After conversations on the phone and email I was excited that it looked like the publication would finally take up my idea of doing a Jews of Color series, and would partner on it with The Jewish Multiracial Network, an organization I am on the board of which has been a great partner to the JOC community, which would curate the series and make sure it was done with integrity.

Chava Shervington and I once again reached out to many of you in the hopes of not just telling our “stories” but giving insight into our struggles as Jews of Color; everything from dating to enrolling our children school, as was agreed upon after my conversation with the publication

Yet, when the Tweets started coming out and list serves emailed in search of writers, we had not been consulted.  After another talk with the publication I was told that a partnership would be unrealistic. I was offered the opportunity to write the first blog post and to send along people who I think had interesting stories but not to help guide the execution of an idea which I had originally pitched.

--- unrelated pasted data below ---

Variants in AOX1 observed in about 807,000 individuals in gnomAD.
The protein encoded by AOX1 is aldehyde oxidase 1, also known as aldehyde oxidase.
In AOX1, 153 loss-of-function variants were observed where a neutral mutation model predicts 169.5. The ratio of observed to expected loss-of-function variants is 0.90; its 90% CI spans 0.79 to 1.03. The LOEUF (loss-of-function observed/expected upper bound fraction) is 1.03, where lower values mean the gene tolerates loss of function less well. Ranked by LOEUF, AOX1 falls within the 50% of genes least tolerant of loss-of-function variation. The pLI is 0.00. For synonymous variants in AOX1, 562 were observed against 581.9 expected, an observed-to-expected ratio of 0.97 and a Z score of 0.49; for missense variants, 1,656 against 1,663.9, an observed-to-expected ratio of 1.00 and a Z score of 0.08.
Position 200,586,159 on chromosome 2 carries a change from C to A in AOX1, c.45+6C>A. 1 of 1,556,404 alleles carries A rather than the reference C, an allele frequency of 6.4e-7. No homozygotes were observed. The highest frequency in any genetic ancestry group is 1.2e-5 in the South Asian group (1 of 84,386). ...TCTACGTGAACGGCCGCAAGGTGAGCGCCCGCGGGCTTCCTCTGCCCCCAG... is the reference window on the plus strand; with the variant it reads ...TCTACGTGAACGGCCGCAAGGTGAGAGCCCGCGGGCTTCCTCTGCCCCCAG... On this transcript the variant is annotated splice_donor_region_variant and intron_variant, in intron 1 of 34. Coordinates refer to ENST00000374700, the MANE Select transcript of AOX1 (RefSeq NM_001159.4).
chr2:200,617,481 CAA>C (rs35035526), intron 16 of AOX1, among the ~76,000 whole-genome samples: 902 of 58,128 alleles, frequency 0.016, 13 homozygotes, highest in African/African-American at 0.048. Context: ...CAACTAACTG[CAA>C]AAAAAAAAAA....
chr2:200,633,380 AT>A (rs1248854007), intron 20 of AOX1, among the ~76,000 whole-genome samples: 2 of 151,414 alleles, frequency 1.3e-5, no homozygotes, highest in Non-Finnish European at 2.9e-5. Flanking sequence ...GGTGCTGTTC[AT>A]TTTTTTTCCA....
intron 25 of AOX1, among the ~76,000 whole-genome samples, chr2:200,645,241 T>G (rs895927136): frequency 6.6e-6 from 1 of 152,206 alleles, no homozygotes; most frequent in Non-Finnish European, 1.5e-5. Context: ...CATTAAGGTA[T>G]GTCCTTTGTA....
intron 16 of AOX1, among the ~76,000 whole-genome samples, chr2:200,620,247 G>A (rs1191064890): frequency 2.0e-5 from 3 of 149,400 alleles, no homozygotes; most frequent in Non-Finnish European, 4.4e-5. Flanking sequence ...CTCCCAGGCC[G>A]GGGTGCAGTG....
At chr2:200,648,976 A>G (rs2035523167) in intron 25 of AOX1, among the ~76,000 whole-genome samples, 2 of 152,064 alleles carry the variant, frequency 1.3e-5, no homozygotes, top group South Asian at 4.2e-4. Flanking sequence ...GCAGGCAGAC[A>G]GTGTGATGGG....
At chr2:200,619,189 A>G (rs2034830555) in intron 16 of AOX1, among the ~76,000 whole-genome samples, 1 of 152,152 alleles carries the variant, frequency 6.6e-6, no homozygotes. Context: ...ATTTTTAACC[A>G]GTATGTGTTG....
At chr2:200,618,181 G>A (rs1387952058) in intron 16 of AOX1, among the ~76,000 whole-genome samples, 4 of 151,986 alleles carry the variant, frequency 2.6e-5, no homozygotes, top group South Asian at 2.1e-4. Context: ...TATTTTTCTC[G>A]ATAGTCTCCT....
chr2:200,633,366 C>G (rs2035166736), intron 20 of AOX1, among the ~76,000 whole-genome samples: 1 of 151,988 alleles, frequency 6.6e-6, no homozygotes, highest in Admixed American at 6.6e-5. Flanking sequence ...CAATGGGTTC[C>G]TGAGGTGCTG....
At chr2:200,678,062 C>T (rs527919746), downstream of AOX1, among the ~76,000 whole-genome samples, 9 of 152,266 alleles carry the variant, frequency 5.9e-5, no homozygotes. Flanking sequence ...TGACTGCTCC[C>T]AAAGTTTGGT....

I’m writing to you today because I wanted to let you know where the series stands. It is my understanding that the publication is continuing on with the series. I am hoping to pitch it to another Jewish or non-Jewish publication, if you have any contacts please let me know.

 Would a series about Jews of Color be a bad thing? No, not necessarily. But, to have a series continue without partners who are Jews of Color and leaders of Color seems to veer off course of the greater good-allowing Jews of Color to tell our stories, in our voices in a way that is authentic.

 I will be following up with a blog post (on my personal blog) that echoes the words of Ilana Kaufman and Marjorie Dove Kent urging the broader Jewish community to use it’s Jewish leaders of Color. This isn’t just an issue with the publication, but a broader issue in the Jewish community.

 Thank you so much for taking the time to read my note. I hope you all have a good week.